How Watching Wonder Woman 1984 Changed My World
To be fair, this change was less influenced by the film itself, and more by me considering how to review the film. After watching, I peeked on Twitter to see what other people were saying.
If you look at Twitter today, most of the #WW84 reviews are either super positive or generally negative. There’s not a whole lot in-between, and I honestly think that the film falls in that grey, middle space.
It’s not the most amazing film ever (even though I was really looking forward to it and wanted it to be). It has some really great scenes and some pretty emotional moments, and also some completely ridiculous plot holes and muddles its thematic messaging when you look closely at it.
I bring up WW84 not because this is a full review of that (I might get to that later), but because it gets me to that word change that I think we as a society need to make way more often.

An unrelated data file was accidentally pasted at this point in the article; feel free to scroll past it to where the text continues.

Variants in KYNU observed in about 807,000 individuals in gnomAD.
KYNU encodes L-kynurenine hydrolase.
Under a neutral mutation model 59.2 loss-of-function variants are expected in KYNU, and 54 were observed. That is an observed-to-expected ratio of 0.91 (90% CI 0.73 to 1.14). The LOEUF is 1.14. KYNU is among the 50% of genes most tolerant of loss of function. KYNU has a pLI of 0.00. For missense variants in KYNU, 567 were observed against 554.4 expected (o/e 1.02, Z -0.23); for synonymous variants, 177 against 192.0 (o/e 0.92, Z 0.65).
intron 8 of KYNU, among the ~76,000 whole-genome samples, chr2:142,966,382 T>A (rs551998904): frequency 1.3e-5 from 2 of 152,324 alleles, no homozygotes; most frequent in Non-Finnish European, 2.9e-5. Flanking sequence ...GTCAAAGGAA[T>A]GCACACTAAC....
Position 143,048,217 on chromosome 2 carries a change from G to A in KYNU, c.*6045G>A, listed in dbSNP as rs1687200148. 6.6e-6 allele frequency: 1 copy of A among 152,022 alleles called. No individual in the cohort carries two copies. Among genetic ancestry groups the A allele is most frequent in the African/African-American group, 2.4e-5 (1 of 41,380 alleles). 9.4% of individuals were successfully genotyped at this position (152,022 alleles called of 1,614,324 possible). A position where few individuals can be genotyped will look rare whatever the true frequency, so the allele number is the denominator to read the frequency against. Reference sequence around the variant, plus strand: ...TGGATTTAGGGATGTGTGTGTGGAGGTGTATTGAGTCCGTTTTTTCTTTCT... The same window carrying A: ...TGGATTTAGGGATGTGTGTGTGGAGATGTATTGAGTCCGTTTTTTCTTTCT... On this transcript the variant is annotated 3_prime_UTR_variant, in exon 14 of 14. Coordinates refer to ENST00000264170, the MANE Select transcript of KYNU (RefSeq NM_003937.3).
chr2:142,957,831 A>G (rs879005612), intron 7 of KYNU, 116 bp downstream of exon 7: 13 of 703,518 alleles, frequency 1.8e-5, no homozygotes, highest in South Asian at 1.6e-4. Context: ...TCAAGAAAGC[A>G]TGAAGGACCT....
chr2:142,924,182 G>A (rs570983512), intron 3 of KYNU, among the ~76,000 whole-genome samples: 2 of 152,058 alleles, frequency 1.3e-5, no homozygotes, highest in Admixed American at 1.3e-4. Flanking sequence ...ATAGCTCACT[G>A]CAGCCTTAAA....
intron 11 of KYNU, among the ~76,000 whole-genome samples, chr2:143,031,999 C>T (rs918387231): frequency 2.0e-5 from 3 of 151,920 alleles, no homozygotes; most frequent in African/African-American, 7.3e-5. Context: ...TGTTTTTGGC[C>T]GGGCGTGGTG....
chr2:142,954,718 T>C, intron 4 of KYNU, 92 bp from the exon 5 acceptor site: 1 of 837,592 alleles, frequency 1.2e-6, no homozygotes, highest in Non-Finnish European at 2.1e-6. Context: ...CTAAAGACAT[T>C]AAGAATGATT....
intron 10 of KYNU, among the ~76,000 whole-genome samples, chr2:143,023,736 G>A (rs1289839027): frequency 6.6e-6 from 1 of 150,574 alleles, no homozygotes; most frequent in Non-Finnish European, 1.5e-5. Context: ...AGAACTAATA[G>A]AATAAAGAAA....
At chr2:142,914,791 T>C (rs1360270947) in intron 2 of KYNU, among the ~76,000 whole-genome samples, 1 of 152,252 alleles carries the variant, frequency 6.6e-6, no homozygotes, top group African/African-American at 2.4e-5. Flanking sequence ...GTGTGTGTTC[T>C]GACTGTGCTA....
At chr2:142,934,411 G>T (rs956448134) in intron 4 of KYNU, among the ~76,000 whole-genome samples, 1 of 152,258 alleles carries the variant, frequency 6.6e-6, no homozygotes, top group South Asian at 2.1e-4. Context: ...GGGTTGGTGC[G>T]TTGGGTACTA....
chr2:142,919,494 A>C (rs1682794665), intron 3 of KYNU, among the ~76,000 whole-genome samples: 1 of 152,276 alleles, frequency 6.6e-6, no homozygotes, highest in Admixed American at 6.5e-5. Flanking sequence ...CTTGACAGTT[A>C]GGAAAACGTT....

That change is this: I think we should often replace the word “but” with the word “and.”
By making the change from “but” to “and,” especially in the context of giving an evaluation or review, it suddenly makes a lot more space for nuance and continued conversation.
I’m a big fan of nuanced reviews — when making purchasing decisions, I categorically don’t look at the five-star or the one-star reviews. I find often the reviews that are actually helpful in me making a decision are the four-, three-, and two-star reviews. This is because if it’s not a purely positive or a purely negative review, these reviews tend to be more nuanced in the information they provide and are usually more factual and less emotional.
Context often really matters, and nuance allows for that context to cut through the fog of assumptions, and can clarify when you’re looking at two seemingly opposing truths.